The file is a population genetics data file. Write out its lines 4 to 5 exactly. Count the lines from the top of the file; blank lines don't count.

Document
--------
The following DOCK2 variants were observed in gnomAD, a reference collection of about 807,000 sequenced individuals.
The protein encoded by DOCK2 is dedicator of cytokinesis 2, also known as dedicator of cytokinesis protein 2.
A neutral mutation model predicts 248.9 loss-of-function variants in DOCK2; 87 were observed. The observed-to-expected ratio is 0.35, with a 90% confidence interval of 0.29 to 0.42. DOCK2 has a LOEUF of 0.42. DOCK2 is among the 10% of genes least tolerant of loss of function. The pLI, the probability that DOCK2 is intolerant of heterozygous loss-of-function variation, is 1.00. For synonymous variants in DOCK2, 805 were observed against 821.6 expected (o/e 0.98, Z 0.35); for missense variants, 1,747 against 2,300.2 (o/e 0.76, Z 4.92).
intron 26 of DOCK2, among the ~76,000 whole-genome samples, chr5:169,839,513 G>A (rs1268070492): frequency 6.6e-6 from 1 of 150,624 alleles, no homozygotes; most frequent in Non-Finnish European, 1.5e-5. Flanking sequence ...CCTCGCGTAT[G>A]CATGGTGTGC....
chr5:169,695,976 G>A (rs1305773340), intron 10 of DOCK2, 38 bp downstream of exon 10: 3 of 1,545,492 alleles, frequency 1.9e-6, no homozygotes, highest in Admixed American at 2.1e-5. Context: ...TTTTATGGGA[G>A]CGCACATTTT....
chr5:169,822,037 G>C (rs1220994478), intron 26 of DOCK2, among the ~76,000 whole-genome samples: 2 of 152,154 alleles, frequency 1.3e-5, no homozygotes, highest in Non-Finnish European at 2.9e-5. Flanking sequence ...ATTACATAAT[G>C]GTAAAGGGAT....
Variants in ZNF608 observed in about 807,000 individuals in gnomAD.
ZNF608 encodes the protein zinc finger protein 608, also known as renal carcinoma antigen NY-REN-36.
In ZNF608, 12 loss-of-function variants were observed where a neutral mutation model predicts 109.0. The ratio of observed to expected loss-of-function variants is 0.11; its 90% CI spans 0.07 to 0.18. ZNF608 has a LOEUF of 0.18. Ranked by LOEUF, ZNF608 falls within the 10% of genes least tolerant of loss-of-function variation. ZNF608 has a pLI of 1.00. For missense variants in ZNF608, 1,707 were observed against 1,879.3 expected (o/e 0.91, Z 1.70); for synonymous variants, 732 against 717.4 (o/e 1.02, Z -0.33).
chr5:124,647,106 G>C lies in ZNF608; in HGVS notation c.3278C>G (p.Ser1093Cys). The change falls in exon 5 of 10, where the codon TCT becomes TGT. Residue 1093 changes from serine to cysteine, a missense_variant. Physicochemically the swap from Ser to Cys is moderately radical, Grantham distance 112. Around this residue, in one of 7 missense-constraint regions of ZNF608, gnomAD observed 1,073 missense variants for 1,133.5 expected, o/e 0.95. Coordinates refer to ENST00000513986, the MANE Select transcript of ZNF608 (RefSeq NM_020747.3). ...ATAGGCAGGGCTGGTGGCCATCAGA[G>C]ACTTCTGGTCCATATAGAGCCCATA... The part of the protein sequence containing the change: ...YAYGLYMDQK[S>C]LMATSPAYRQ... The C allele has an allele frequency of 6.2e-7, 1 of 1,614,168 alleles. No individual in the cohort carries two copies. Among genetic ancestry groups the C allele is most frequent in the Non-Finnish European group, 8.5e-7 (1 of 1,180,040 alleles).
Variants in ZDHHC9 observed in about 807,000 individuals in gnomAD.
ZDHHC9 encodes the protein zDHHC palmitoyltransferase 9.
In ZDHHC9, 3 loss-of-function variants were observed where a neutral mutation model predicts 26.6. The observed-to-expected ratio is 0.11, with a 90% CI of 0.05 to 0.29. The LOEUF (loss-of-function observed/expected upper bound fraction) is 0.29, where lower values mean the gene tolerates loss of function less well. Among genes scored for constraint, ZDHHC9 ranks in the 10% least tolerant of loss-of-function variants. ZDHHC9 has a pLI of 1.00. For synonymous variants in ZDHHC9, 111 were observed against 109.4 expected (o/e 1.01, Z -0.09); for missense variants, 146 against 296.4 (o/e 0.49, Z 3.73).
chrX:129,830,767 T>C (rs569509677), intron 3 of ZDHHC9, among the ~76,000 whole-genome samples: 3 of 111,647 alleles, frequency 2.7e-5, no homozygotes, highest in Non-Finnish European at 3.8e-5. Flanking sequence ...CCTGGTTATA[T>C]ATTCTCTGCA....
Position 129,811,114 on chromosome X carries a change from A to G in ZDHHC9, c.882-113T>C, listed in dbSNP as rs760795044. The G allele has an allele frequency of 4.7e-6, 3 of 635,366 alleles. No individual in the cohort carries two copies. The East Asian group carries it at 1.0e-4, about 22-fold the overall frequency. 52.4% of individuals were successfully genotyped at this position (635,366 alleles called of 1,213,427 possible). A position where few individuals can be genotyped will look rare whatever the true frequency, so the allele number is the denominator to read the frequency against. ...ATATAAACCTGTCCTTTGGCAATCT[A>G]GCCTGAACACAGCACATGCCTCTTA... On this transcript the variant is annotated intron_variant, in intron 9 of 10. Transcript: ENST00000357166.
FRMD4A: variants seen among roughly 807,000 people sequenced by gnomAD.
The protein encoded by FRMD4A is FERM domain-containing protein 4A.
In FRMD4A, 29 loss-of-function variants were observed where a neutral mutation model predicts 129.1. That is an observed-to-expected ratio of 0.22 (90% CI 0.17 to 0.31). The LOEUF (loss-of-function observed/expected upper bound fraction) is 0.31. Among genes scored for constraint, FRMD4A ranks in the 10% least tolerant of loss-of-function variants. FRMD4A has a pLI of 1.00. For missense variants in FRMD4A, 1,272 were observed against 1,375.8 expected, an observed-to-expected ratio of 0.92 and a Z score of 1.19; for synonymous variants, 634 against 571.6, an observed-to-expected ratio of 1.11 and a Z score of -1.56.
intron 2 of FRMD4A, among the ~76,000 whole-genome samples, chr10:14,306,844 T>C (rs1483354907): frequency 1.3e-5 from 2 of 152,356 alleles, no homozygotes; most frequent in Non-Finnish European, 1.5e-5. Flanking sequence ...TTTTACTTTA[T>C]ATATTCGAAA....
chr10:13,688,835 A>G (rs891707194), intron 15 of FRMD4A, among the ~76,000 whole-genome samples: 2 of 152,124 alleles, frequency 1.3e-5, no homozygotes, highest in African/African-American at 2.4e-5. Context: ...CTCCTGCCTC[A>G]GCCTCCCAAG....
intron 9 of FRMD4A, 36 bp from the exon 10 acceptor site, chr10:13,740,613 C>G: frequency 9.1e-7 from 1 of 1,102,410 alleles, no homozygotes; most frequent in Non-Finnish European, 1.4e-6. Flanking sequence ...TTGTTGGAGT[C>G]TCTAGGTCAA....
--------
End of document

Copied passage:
intron 26 of DOCK2, among the ~76,000 whole-genome samples, chr5:169,839,513 G>A (rs1268070492): frequency 6.6e-6 from 1 of 150,624 alleles, no homozygotes; most frequent in Non-Finnish European, 1.5e-5. Flanking sequence ...CCTCGCGTAT[G>A]CATGGTGTGC....
chr5:169,695,976 G>A (rs1305773340), intron 10 of DOCK2, 38 bp downstream of exon 10: 3 of 1,545,492 alleles, frequency 1.9e-6, no homozygotes, highest in Admixed American at 2.1e-5. Context: ...TTTTATGGGA[G>A]CGCACATTTT....